T-Minus: $11B Mars rocks, Voyager 1’s resurrection, and more

NASA / Freethink

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The most expensive rocks in the universe

In September 2021, NASA’s Perseverance rover started collecting samples of Mars rocks and leaving them at different locations on the Red Planet’s surface, the plan being that a future spacecraft would collect the samples and return them to Earth.

However, NASA’s Mars Sample Return mission has been in jeopardy ever since a September 2023 review determined that its schedule and budget were unrealistic: instead of the expected $5.3 billion, the mission was likely to cost up to $11 billion and still be delayed past the 2027-’28 target.

On April 15, NASA announced that it is seeking innovative ideas, from both inside NASA and outside companies, for redesigning the program to reduce cost and accelerate the schedule.

“Mars Sample Return will be one of the most complex missions NASA has ever undertaken,” said NASA Administrator Bill Nelson. “The bottom line is an $11 billion budget is too expensive, and a 2040 return date is too far away … We need to look outside the box to find a way ahead that is both affordable and returns samples in a reasonable timeframe.”

Illustration of mars exploration featuring a rover, lander, helicopter drone, orbiting satellite and launching rocket on the martian surface.
NASA / JPL-Caltech
A concept image of spacecraft involved in the Mars Sample Return mission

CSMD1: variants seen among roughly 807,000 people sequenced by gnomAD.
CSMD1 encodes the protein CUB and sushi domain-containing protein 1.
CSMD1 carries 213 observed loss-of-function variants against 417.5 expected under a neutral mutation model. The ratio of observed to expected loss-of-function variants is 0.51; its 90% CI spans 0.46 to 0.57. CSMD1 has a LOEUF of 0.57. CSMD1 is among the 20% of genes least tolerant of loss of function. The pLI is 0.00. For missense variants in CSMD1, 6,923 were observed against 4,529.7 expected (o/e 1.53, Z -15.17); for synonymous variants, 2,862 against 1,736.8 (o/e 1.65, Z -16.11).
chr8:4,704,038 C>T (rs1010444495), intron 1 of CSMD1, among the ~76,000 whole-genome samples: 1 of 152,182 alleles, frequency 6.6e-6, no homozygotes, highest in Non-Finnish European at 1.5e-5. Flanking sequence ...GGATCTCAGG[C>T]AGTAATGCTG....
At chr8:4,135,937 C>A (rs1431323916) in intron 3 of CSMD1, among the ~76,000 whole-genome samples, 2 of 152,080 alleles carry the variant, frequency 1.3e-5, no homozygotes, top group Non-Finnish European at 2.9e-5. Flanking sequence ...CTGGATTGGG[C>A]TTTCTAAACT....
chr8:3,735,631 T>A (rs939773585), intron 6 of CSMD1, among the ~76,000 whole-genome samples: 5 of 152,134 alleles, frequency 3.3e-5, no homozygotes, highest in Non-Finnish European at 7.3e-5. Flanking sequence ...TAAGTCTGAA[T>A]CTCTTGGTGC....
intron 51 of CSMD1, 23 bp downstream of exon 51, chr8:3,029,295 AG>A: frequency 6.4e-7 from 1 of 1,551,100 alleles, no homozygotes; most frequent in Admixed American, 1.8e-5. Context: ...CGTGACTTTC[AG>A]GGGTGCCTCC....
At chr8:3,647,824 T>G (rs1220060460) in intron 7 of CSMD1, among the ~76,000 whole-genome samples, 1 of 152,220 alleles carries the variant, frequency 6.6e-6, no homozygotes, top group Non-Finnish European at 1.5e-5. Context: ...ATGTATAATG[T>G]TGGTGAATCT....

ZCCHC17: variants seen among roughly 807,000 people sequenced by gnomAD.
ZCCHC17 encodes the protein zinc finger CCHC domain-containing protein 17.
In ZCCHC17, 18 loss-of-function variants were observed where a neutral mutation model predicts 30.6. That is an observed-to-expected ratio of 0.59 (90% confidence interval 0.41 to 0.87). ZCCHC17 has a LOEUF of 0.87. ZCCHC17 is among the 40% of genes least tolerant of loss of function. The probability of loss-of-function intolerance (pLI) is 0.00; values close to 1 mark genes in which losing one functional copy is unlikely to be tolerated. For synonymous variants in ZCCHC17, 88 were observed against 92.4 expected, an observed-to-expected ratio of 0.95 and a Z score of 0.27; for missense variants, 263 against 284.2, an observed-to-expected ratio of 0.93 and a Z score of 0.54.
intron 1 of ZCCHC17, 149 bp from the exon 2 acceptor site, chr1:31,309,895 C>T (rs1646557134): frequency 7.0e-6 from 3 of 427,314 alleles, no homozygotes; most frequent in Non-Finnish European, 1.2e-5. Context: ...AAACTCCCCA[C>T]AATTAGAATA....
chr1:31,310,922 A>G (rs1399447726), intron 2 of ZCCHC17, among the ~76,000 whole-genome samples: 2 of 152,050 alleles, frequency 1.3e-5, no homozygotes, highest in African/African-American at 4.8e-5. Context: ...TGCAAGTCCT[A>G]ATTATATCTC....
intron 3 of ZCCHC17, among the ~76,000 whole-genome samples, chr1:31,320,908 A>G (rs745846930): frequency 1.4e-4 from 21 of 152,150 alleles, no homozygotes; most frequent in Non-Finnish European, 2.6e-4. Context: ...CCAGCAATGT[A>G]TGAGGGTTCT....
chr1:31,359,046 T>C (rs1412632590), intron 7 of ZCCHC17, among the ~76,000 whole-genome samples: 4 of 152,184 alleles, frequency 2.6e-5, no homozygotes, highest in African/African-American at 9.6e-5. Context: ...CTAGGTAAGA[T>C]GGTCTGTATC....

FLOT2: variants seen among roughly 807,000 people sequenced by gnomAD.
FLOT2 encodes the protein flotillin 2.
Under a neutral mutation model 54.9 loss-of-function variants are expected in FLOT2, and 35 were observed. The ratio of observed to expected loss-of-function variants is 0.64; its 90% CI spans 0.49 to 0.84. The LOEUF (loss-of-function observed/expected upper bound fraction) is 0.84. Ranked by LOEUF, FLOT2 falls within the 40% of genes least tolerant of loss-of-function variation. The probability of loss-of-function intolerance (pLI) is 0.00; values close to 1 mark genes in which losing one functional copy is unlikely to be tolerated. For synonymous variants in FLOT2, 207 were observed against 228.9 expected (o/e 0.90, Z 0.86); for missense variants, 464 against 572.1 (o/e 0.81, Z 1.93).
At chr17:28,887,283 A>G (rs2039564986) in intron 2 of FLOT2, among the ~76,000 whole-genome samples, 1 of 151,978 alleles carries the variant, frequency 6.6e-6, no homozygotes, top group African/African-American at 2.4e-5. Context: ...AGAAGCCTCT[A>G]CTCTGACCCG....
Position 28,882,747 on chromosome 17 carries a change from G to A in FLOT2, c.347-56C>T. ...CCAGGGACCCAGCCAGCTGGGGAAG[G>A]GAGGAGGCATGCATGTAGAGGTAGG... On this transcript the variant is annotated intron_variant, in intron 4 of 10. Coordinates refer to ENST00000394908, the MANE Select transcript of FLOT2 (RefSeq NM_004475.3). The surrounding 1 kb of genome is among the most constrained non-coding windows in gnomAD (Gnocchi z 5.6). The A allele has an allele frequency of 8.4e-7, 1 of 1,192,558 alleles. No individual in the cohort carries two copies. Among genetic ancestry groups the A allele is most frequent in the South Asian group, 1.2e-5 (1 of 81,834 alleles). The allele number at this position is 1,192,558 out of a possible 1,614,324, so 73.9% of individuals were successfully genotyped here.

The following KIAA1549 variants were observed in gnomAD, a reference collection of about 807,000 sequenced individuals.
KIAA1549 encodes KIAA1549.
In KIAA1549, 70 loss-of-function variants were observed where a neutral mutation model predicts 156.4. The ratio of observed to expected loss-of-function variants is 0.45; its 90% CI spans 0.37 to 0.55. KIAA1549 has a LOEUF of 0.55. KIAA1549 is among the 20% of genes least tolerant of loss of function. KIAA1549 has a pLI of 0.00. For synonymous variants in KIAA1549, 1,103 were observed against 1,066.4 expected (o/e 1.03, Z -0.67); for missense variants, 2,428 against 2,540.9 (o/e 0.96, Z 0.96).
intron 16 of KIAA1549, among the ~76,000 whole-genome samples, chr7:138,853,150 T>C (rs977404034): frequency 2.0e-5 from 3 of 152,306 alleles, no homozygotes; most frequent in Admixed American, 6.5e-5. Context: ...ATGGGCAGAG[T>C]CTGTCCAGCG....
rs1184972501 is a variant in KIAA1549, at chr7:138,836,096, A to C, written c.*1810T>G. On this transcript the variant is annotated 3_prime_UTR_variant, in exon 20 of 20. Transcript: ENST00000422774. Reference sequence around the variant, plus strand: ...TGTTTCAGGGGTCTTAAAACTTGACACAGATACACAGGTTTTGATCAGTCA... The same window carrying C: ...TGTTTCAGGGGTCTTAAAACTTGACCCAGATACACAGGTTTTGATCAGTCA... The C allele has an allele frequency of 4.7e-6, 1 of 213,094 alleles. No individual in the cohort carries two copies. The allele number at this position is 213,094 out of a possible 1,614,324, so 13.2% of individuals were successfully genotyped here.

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Dragonfly is a go

Saturn’s moon Titan is one of the most remarkable places in our solar system. Not only is it the only moon we know of with a substantial atmosphere, it’s also the only place besides Earth with liquid lakes, rivers, and seas on its surface.

Today, those bodies are made of hydrocarbons, like methane, but there’s evidence that Titan once had liquid water on its surface, and it currently has an ocean of water beneath a water ice crust. 

On April 16, NASA confirmed a mission to send a rotorcraft, called Dragonfly, to Titan in July 2028. After reaching its destination in 2034, Dragonfly will visit dozens of locations, studying the moon’s chemistry.

Because scientists believe the kind of chemistry happening on Titan right now could be similar to what was happening on Earth when life first developed here, the mission has the potential to help explain the origin of life as we know it.

A futuristic drone with multiple propellers flying over a red landscape.
NASA / Johns Hopkins APL / Steve Gribben
A concept image of Dragonfly soaring across Titan
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Voyager is back online

In 2012, NASA’s Voyager 1 became the first spacecraft to reach interstellar space — the area beyond our sun’s circle of influence — and for more than a decade, it transmitted valuable scientific data from beyond the solar system back to Earth.

Then, in November 2023, it stopped — NASA could tell the spacecraft was still working and receiving its commands, but the data it was sending back to Earth stopped making sense.

By March, NASA engineers had determined that the issue with the garbled data was one of the three computers onboard Voyager 1, and in April, they pinpointed the problem to a single chip that was involved in the computer’s memory.

To address the issue, NASA redirected data to be stored in other locations, and on April 20, they got confirmation that their fix had worked: for the first time in more than five months, Voyager 1 sent back a readable status update — meaning its mission will continue.

“In the minutes leading up to when we were going to see a signal, you could have heard a pin drop in the room … When the time came to get the signal, we could clearly see all of a sudden, boom, we had data, and there were tears and smiles and high fives,” Linda Spilker, Voyager mission project scientist, told Ars Technica.

Illustration of voyager spacecraft traveling through space with a starry sky and nebula in the background.
NASA / JPL-Caltech
A concept image of Voyager 1 in interstellar space

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